YORK.- The Yorkshire Museum
home to some of Britains greatest treasures will reopen its doors on Sunday after a major two million pound refurbishment that has totally transformed its interior.
The citys Roman heritage is the central theme for the new look museum, with major exhibitions also highlighting its strong medieval and natural history collections.
Objects on show include the most complete Anglo Saxon helmet ever found in Britain, the exquisite Middleham Jewel, the most significant Viking Hoard to be found in 150 years and one of Britains biggest Ichthyosaurs. Some of these treasures will have returned from the British Museum where they have been on display, the first time they have ever dedicated a gallery to a regional museum.
In turn objects belonging to the British Museum from the classical will be on display in the Yorkshire Museum for the opening on August 1 (Yorkshire Day).
Andrew Morrison, head curator at the Yorkshire Museum, said: This refurbishment will once again transform the Yorkshire Museum into one of the countrys greatest museums. It is a beautiful building that is home to some of the most significant archaeological finds and scientific collections in Europe.
This project was vital to restore the galleries to their former glory. In doing so we believe we have created a museum that shows off its proud heritage while at the same time being a place that will inspire and delight the 21st Century visitor.
Dan Snow, from the BBCs The One Show said: An amazing museum full of real treasures. If you want to find out about York's stunning history- look no further."
The project, which saw the museum close in November 2009, has seen many of the relatively modern interior walls removed to create a much more open and welcoming space. The visitor will first enter the main hall, to be greeted by the Museums statue of the Roman God of War, Mars. It is the finest example of Romano British sculpture ever found. The hall will also contain a huge map of the Roman Empire and significant loans from the British Museums collections from the classical world.
The rest of the museum is split into the following sections:
Roman York Meet the people of the Empire. The power of the Roman Empire will be explored through the museums internationally significant collection of Roman artefacts and, thanks to fascinating new research, the true picture of life in Roman York will be brought to life with examples of the people that lives there, such as the Ivory Bangle Lady from North Africa.
Medieval York: The Power and the Glory. From a bustling Anglian city and royal Viking capital to the second city of the kingdom wielding immense ecclesiastical power, York was a microcosm of the vibrant medieval world. The colour, music, romance and spirituality of the medieval period will come to life in this exhibition, among the unique ruins of St Marys Abbey. The gallery will also feature some of the museums greatest treasures, such as the Middleham Jewel, the York Helmet and the Vale of York Viking Hoard.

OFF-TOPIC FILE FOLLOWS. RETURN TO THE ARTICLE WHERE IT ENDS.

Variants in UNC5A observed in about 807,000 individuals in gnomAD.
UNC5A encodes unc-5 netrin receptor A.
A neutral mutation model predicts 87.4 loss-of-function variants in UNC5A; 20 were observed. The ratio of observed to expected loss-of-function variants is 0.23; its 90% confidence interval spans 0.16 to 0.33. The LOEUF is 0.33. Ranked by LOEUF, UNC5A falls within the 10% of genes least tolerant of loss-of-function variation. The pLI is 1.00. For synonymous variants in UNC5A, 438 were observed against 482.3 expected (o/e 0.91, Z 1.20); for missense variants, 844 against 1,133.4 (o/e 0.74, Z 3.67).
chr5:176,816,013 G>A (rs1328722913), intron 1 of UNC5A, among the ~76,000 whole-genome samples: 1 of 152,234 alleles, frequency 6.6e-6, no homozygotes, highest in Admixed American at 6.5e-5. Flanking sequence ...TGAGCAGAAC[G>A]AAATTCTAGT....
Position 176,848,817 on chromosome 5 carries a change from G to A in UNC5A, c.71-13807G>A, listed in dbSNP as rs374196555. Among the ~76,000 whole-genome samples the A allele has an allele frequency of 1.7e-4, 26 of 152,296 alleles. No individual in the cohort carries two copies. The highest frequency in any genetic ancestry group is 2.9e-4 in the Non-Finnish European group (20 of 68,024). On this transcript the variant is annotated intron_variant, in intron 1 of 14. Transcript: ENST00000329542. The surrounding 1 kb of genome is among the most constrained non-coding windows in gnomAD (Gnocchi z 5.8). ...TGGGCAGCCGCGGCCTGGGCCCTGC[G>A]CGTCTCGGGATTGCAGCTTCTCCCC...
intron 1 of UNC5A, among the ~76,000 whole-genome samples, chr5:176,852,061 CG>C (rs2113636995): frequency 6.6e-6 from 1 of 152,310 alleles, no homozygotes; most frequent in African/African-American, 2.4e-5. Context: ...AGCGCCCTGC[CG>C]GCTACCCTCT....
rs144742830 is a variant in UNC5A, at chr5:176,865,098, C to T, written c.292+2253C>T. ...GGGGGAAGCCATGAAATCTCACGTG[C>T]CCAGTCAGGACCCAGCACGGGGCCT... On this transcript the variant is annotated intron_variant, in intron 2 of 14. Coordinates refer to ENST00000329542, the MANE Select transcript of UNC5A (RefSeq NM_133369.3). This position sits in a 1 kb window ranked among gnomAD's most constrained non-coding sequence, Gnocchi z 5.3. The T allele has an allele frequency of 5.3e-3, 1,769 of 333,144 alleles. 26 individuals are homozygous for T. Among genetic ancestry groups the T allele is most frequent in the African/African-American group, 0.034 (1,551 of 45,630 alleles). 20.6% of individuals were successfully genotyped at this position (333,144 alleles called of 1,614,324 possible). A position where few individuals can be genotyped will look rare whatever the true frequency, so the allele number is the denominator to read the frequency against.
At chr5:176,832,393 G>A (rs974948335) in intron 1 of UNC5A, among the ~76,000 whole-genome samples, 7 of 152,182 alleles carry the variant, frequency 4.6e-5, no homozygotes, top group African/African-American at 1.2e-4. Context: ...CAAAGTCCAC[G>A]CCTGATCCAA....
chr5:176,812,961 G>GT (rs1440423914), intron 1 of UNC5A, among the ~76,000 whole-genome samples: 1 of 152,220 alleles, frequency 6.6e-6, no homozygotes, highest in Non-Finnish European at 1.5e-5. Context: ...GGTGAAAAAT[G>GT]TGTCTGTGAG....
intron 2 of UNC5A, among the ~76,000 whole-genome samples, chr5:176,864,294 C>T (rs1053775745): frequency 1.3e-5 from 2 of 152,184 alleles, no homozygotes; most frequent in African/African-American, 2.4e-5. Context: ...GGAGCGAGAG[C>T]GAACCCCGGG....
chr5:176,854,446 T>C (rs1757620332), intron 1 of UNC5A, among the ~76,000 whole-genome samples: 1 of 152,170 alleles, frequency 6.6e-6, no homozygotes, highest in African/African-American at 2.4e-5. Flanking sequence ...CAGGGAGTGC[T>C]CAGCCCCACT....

Extinct: A way of life. Discover why so many species have disappeared through time - and what took their place - in this family friendly exhibition that takes you on a rollercoaster ride through ever changing landscape of earth's natural history. Enter a world of wonderful wild beasts, towering two metre birds and enormous sea monsters as you ponder what caused the five great extinctions and wonder if we are in the sixth. Literally walk in the footsteps of dinosaurs and enter the aquarium style gallery that is home to the huge, magnificent creatures that lived here when Yorkshire was under the sea.
As well as the three exhibitions there will also be two other new areas:
The History of York. A new immersive audio-visual experience will take visitors on a swift journey through the history of this great city in the 300 seat Tempest Anderson Hall. The film, which covers the most historically important events in Yorks past, is the ideal place to start any trip to the city.
The Learning Level. This area provides visitors with the chance to delve deeper into the past through hands-on activities, displays, workshops and meeting the experts. On special days people can also access the Museums impressive Victorian library.
To carry out the major refurbishment York Museums Trust have secured £200,000 from the DCMS/Wolfson Foundation, £315,000 from Renaissance in the Regions, £300,000 from the Monument Trust, £200,000 from the Garfield Weston Foundation, £75,000 from the Foyle Foundation and other donations from the University of York, Feoffees of St Michaels Spurriergate, Museums, Libraries and Archives PRISM Fund, the William Reed Trust, the Yorkshire Philosophical Foundation and the York Museums Trust Development Group.
The City of York Council will grant the Trust a further £850,000 as match funding.